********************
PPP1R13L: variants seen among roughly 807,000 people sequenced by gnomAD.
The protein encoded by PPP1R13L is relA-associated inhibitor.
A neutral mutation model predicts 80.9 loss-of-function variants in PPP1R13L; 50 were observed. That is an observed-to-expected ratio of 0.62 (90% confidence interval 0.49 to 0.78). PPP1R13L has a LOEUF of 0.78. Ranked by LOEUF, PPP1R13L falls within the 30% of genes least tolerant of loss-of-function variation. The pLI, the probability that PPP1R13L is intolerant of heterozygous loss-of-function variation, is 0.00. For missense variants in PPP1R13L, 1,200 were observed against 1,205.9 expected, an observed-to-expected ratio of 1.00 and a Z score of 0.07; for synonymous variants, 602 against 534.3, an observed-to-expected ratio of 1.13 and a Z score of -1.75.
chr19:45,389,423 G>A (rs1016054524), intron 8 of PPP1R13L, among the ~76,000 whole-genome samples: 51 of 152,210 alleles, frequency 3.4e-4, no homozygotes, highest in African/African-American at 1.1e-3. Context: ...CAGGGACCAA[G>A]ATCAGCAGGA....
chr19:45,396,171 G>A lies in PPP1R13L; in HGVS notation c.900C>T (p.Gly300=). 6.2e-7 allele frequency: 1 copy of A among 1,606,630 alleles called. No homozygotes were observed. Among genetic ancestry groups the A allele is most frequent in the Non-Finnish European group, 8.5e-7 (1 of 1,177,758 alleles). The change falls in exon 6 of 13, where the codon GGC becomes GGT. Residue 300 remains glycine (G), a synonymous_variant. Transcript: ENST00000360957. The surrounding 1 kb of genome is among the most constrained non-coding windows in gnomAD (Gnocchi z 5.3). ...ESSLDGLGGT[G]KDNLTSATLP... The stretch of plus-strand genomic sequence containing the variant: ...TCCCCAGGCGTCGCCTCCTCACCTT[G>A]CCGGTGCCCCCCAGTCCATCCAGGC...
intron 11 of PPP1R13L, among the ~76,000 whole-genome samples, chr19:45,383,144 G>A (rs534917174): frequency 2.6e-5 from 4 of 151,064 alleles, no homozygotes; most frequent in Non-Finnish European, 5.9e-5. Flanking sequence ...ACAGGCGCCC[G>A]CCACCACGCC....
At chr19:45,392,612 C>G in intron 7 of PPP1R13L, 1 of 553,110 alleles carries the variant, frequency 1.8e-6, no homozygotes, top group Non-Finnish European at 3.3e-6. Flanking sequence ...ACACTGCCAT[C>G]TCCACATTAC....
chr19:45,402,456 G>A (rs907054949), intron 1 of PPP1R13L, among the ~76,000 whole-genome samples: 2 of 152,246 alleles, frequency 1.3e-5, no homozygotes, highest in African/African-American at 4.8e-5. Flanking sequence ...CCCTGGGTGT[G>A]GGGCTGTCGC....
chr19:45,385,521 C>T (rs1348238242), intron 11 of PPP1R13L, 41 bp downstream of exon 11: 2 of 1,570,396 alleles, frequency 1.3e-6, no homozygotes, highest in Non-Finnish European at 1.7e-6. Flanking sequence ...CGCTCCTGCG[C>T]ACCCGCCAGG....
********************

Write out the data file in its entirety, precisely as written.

PPP1R13L: variants seen among roughly 807,000 people sequenced by gnomAD.
The protein encoded by PPP1R13L is relA-associated inhibitor.
A neutral mutation model predicts 80.9 loss-of-function variants in PPP1R13L; 50 were observed. That is an observed-to-expected ratio of 0.62 (90% confidence interval 0.49 to 0.78). PPP1R13L has a LOEUF of 0.78. Ranked by LOEUF, PPP1R13L falls within the 30% of genes least tolerant of loss-of-function variation. The pLI, the probability that PPP1R13L is intolerant of heterozygous loss-of-function variation, is 0.00. For missense variants in PPP1R13L, 1,200 were observed against 1,205.9 expected, an observed-to-expected ratio of 1.00 and a Z score of 0.07; for synonymous variants, 602 against 534.3, an observed-to-expected ratio of 1.13 and a Z score of -1.75.
chr19:45,389,423 G>A (rs1016054524), intron 8 of PPP1R13L, among the ~76,000 whole-genome samples: 51 of 152,210 alleles, frequency 3.4e-4, no homozygotes, highest in African/African-American at 1.1e-3. Context: ...CAGGGACCAA[G>A]ATCAGCAGGA....
chr19:45,396,171 G>A lies in PPP1R13L; in HGVS notation c.900C>T (p.Gly300=). 6.2e-7 allele frequency: 1 copy of A among 1,606,630 alleles called. No homozygotes were observed. Among genetic ancestry groups the A allele is most frequent in the Non-Finnish European group, 8.5e-7 (1 of 1,177,758 alleles). The change falls in exon 6 of 13, where the codon GGC becomes GGT. Residue 300 remains glycine (G), a synonymous_variant. Transcript: ENST00000360957. The surrounding 1 kb of genome is among the most constrained non-coding windows in gnomAD (Gnocchi z 5.3). ...ESSLDGLGGT[G]KDNLTSATLP... The stretch of plus-strand genomic sequence containing the variant: ...TCCCCAGGCGTCGCCTCCTCACCTT[G>A]CCGGTGCCCCCCAGTCCATCCAGGC...
intron 11 of PPP1R13L, among the ~76,000 whole-genome samples, chr19:45,383,144 G>A (rs534917174): frequency 2.6e-5 from 4 of 151,064 alleles, no homozygotes; most frequent in Non-Finnish European, 5.9e-5. Flanking sequence ...ACAGGCGCCC[G>A]CCACCACGCC....
At chr19:45,392,612 C>G in intron 7 of PPP1R13L, 1 of 553,110 alleles carries the variant, frequency 1.8e-6, no homozygotes, top group Non-Finnish European at 3.3e-6. Flanking sequence ...ACACTGCCAT[C>G]TCCACATTAC....
chr19:45,402,456 G>A (rs907054949), intron 1 of PPP1R13L, among the ~76,000 whole-genome samples: 2 of 152,246 alleles, frequency 1.3e-5, no homozygotes, highest in African/African-American at 4.8e-5. Flanking sequence ...CCCTGGGTGT[G>A]GGGCTGTCGC....
chr19:45,385,521 C>T (rs1348238242), intron 11 of PPP1R13L, 41 bp downstream of exon 11: 2 of 1,570,396 alleles, frequency 1.3e-6, no homozygotes, highest in Non-Finnish European at 1.7e-6. Flanking sequence ...CGCTCCTGCG[C>T]ACCCGCCAGG....